Die vertaling van dialekte : knelpunte en veelvoud van die volkseie
Thesis (MPhil (Afrikaans and Dutch))--Stellenbosch University, 2008.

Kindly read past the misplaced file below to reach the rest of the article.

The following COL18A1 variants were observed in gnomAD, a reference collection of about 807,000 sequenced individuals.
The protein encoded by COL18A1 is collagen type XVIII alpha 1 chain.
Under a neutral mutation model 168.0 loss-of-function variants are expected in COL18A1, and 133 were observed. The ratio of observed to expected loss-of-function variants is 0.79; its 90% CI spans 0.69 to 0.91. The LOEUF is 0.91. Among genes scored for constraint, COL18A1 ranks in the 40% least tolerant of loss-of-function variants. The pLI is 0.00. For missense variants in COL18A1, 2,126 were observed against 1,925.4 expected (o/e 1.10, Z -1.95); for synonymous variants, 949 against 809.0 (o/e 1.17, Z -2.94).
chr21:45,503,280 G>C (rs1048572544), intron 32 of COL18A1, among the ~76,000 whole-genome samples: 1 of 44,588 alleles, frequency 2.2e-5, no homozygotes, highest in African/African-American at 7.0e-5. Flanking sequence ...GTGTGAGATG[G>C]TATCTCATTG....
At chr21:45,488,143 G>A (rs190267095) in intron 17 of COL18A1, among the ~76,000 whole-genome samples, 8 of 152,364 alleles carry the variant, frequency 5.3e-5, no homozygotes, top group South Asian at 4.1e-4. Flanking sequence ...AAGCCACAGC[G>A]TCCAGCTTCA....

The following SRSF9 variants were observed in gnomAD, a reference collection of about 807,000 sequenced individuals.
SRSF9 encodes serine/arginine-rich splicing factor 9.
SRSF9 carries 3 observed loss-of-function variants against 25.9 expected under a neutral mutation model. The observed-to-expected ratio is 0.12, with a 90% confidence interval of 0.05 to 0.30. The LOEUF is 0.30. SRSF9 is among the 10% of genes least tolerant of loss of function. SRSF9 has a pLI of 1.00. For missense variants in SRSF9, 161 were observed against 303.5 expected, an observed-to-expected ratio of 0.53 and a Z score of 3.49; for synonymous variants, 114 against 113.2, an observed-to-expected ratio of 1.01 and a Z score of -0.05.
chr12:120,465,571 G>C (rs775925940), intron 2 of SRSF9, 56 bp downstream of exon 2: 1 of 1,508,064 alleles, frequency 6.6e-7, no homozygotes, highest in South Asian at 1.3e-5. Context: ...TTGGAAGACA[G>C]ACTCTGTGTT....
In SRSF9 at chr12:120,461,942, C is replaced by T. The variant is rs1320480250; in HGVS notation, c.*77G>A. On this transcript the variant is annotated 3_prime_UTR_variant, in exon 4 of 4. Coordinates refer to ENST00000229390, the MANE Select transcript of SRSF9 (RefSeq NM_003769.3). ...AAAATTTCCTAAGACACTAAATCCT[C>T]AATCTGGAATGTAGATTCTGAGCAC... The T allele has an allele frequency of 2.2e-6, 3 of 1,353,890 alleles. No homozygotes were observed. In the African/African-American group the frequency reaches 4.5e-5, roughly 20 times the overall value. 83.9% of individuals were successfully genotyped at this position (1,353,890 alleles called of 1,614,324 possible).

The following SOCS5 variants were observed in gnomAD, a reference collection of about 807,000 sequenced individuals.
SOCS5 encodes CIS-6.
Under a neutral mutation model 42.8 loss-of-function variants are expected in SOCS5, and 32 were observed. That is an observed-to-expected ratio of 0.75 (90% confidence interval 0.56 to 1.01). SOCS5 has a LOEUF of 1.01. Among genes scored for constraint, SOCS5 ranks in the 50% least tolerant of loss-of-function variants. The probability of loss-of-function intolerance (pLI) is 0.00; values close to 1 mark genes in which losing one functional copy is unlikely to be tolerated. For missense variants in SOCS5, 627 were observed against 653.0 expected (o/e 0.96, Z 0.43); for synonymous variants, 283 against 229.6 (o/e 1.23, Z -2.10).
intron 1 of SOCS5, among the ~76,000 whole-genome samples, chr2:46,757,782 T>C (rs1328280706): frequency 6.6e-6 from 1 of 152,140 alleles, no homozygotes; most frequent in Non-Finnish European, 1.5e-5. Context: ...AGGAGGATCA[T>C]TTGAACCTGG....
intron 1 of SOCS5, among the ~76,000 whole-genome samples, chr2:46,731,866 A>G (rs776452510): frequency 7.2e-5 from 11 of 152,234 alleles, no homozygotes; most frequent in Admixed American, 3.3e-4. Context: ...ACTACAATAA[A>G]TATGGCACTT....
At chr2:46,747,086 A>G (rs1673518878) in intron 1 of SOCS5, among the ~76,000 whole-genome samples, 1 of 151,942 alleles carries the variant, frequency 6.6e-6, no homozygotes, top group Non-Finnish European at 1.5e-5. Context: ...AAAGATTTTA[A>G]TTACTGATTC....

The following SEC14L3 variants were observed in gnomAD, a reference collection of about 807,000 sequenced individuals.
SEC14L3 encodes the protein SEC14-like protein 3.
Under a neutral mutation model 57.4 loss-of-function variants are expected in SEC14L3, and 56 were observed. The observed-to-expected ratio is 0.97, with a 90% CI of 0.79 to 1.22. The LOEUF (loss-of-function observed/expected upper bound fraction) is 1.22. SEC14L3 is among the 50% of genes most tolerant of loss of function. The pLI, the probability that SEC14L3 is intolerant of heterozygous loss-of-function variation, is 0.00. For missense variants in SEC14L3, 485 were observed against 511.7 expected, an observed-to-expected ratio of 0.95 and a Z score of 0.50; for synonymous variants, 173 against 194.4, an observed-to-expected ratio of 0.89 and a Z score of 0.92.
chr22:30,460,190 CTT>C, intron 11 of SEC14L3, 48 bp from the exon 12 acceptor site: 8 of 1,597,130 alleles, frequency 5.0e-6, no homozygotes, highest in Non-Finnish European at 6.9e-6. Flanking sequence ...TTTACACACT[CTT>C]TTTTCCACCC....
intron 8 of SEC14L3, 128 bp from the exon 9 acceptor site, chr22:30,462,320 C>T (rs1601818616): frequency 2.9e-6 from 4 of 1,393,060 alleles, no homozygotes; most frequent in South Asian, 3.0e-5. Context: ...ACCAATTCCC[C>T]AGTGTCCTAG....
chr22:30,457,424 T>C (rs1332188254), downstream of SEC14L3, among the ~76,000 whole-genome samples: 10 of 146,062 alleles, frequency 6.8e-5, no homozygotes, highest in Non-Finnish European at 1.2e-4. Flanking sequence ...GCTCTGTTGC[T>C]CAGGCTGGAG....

The principal aim of this research is to study the translation of dialects within the framework of the translation theoretical framework and to determine the challenges and the fundamentals of successful translation. This is especially important, since the focus will be on the translation of dialects of three related standard languages: Afrikaans and English: Kaapse Afrikaans and German: Schwäbisch and Berlinisch. The prerequisites for the process of rendering these dialects accessible, is not to be underestimated, as they include a sound and reliable knowledge of the standard languages of the particular dialects, especially in the case German, as well as a at least two of the vast variety of dialects. It is furthermore necessary to undertake a short but thorough study of the origin of the standard language German to determine which influences it had been exposed to. The relation and interaction between the author, translator and the reader are of the utmost importance. The translator is subjected to demanding challenges; these challenges should not be under-estimated. During the translation process the translator takes on the role of an interpreter and mediator of the source text. It is imperative that the translator should be aware of the theoretical aspects of translating as well as dialectology. These aspects are discussed extensively. The two dialects, Mundarten, which had been selected as examples are Schwäbisch and Berlinisch (from the federal states Baden-Württemberg and Brandenburg). Various aspects were discussed such as the linguistic, traditional characteristics of the dialects, their natural speakers as well as their love for and dedication to their own language. The translation of these aspects opens up a cultural world that would otherwise remain unknown and inaccessible. Numerous practical examples have been used, amongst which, a children’s story in rhyme. Translations were done from German as a source language to Afrikaans and Cape Afrikaans as target languages, also from Schwäbisch and Berlinisch as source languages to Afrikaans and Cape Afrikaans as target languages. Some examples were done from Cape Afrikaans as a source language to English, German and Afrikaans as target languages. Some cultural content and emotional value might be lost during the translation process, especially when it is done across cultural barriers. It remains possible, however, that the translator will be able to convey and communicate the message of the author in an accurate, convincing and sensitive way. A well-known juvenile story by a French author was used as an example to compare nine different German dialects. The German translation of the text has been used since the dialects under discussion are German dialects and the original French text would have served no purpose. The text is still translated and published in German dialects, although not all could be consulted. (Full details are in the BRONNELYS.) Sections of the text are given in the particular dialect, then in German and in Afrikaans (personal manuscript). This was done to indicate the differences and similarities of words, expressions and idiomatic similarities with standard Afrikaans. Because of the volume of this chapter, it was decided to include it as an Appendix. Additional information is given in the APPENDICES regarding the large variety of German dialects, the Germanic origin of English, whether Yiddish is a German dialect (as is alleged by a publisher) and a light-hearted look at the skylarking with traditional customs of dialect speakers.